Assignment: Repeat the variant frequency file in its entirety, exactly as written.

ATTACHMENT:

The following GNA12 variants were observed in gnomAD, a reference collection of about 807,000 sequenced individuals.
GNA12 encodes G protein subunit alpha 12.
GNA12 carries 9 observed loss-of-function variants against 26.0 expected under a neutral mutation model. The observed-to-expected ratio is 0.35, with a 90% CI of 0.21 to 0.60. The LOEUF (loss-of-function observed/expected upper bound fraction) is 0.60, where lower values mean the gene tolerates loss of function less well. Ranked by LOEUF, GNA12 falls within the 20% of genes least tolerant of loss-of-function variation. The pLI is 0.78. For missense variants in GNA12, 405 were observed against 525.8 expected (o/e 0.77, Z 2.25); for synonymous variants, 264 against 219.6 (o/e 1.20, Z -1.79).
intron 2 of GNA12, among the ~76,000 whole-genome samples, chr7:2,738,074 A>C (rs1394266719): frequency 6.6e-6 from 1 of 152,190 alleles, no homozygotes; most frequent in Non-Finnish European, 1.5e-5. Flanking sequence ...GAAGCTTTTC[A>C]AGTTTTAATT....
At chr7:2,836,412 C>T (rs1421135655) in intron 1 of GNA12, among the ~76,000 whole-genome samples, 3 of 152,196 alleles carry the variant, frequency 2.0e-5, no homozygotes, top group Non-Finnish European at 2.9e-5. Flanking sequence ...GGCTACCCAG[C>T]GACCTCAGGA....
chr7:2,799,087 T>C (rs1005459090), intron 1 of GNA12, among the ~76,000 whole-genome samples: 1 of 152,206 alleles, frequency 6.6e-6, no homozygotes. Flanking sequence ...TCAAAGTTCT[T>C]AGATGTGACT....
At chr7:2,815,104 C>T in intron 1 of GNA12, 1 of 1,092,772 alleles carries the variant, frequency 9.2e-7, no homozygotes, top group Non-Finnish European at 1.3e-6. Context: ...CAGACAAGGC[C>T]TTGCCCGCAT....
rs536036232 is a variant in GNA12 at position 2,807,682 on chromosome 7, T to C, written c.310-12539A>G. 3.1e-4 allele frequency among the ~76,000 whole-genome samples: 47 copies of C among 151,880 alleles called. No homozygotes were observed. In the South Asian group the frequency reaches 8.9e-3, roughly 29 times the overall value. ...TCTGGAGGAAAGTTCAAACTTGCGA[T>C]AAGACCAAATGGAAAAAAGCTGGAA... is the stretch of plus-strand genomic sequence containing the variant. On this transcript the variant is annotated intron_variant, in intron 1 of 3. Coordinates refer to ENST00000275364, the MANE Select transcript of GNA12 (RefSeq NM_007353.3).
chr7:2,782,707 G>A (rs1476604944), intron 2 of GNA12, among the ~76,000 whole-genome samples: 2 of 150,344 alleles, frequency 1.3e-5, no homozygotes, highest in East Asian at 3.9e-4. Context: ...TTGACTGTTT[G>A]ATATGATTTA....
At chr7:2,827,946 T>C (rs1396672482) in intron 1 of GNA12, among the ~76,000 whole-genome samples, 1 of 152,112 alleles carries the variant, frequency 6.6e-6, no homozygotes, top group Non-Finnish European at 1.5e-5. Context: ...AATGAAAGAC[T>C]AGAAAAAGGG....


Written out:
The following GNA12 variants were observed in gnomAD, a reference collection of about 807,000 sequenced individuals.
GNA12 encodes G protein subunit alpha 12.
GNA12 carries 9 observed loss-of-function variants against 26.0 expected under a neutral mutation model. The observed-to-expected ratio is 0.35, with a 90% CI of 0.21 to 0.60. The LOEUF (loss-of-function observed/expected upper bound fraction) is 0.60, where lower values mean the gene tolerates loss of function less well. Ranked by LOEUF, GNA12 falls within the 20% of genes least tolerant of loss-of-function variation. The pLI is 0.78. For missense variants in GNA12, 405 were observed against 525.8 expected (o/e 0.77, Z 2.25); for synonymous variants, 264 against 219.6 (o/e 1.20, Z -1.79).
intron 2 of GNA12, among the ~76,000 whole-genome samples, chr7:2,738,074 A>C (rs1394266719): frequency 6.6e-6 from 1 of 152,190 alleles, no homozygotes; most frequent in Non-Finnish European, 1.5e-5. Flanking sequence ...GAAGCTTTTC[A>C]AGTTTTAATT....
At chr7:2,836,412 C>T (rs1421135655) in intron 1 of GNA12, among the ~76,000 whole-genome samples, 3 of 152,196 alleles carry the variant, frequency 2.0e-5, no homozygotes, top group Non-Finnish European at 2.9e-5. Flanking sequence ...GGCTACCCAG[C>T]GACCTCAGGA....
chr7:2,799,087 T>C (rs1005459090), intron 1 of GNA12, among the ~76,000 whole-genome samples: 1 of 152,206 alleles, frequency 6.6e-6, no homozygotes. Flanking sequence ...TCAAAGTTCT[T>C]AGATGTGACT....
At chr7:2,815,104 C>T in intron 1 of GNA12, 1 of 1,092,772 alleles carries the variant, frequency 9.2e-7, no homozygotes, top group Non-Finnish European at 1.3e-6. Context: ...CAGACAAGGC[C>T]TTGCCCGCAT....
rs536036232 is a variant in GNA12 at position 2,807,682 on chromosome 7, T to C, written c.310-12539A>G. 3.1e-4 allele frequency among the ~76,000 whole-genome samples: 47 copies of C among 151,880 alleles called. No homozygotes were observed. In the South Asian group the frequency reaches 8.9e-3, roughly 29 times the overall value. ...TCTGGAGGAAAGTTCAAACTTGCGA[T>C]AAGACCAAATGGAAAAAAGCTGGAA... is the stretch of plus-strand genomic sequence containing the variant. On this transcript the variant is annotated intron_variant, in intron 1 of 3. Coordinates refer to ENST00000275364, the MANE Select transcript of GNA12 (RefSeq NM_007353.3).
chr7:2,782,707 G>A (rs1476604944), intron 2 of GNA12, among the ~76,000 whole-genome samples: 2 of 150,344 alleles, frequency 1.3e-5, no homozygotes, highest in East Asian at 3.9e-4. Context: ...TTGACTGTTT[G>A]ATATGATTTA....
At chr7:2,827,946 T>C (rs1396672482) in intron 1 of GNA12, among the ~76,000 whole-genome samples, 1 of 152,112 alleles carries the variant, frequency 6.6e-6, no homozygotes, top group Non-Finnish European at 1.5e-5. Context: ...AATGAAAGAC[T>C]AGAAAAAGGG....